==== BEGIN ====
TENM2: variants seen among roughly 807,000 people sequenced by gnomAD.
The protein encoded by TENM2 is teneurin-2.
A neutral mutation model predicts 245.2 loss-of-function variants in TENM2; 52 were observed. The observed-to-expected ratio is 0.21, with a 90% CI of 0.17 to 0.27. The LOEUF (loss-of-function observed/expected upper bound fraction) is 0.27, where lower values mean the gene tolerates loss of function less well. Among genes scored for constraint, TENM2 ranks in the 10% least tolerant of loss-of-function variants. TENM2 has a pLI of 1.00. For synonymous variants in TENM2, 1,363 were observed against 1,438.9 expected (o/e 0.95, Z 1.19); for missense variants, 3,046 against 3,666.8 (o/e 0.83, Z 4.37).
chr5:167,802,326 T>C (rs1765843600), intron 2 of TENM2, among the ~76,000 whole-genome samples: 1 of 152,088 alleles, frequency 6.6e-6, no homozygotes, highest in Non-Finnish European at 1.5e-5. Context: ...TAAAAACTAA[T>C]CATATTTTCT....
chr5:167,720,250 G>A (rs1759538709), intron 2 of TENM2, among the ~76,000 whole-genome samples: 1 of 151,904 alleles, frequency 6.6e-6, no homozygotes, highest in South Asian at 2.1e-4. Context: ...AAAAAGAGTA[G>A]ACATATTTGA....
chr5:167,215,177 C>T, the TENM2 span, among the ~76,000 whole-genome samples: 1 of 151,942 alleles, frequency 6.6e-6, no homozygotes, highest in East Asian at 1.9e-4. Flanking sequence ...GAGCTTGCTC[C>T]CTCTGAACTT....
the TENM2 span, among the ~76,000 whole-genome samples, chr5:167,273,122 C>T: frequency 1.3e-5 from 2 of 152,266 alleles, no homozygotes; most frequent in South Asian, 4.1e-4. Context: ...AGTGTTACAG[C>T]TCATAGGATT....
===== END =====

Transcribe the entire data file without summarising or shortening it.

TENM2: variants seen among roughly 807,000 people sequenced by gnomAD.
The protein encoded by TENM2 is teneurin-2.
A neutral mutation model predicts 245.2 loss-of-function variants in TENM2; 52 were observed. The observed-to-expected ratio is 0.21, with a 90% CI of 0.17 to 0.27. The LOEUF (loss-of-function observed/expected upper bound fraction) is 0.27, where lower values mean the gene tolerates loss of function less well. Among genes scored for constraint, TENM2 ranks in the 10% least tolerant of loss-of-function variants. TENM2 has a pLI of 1.00. For synonymous variants in TENM2, 1,363 were observed against 1,438.9 expected (o/e 0.95, Z 1.19); for missense variants, 3,046 against 3,666.8 (o/e 0.83, Z 4.37).
chr5:167,802,326 T>C (rs1765843600), intron 2 of TENM2, among the ~76,000 whole-genome samples: 1 of 152,088 alleles, frequency 6.6e-6, no homozygotes, highest in Non-Finnish European at 1.5e-5. Context: ...TAAAAACTAA[T>C]CATATTTTCT....
chr5:167,720,250 G>A (rs1759538709), intron 2 of TENM2, among the ~76,000 whole-genome samples: 1 of 151,904 alleles, frequency 6.6e-6, no homozygotes, highest in South Asian at 2.1e-4. Context: ...AAAAAGAGTA[G>A]ACATATTTGA....
chr5:167,215,177 C>T, the TENM2 span, among the ~76,000 whole-genome samples: 1 of 151,942 alleles, frequency 6.6e-6, no homozygotes, highest in East Asian at 1.9e-4. Flanking sequence ...GAGCTTGCTC[C>T]CTCTGAACTT....
the TENM2 span, among the ~76,000 whole-genome samples, chr5:167,273,122 C>T: frequency 1.3e-5 from 2 of 152,266 alleles, no homozygotes; most frequent in South Asian, 4.1e-4. Context: ...AGTGTTACAG[C>T]TCATAGGATT....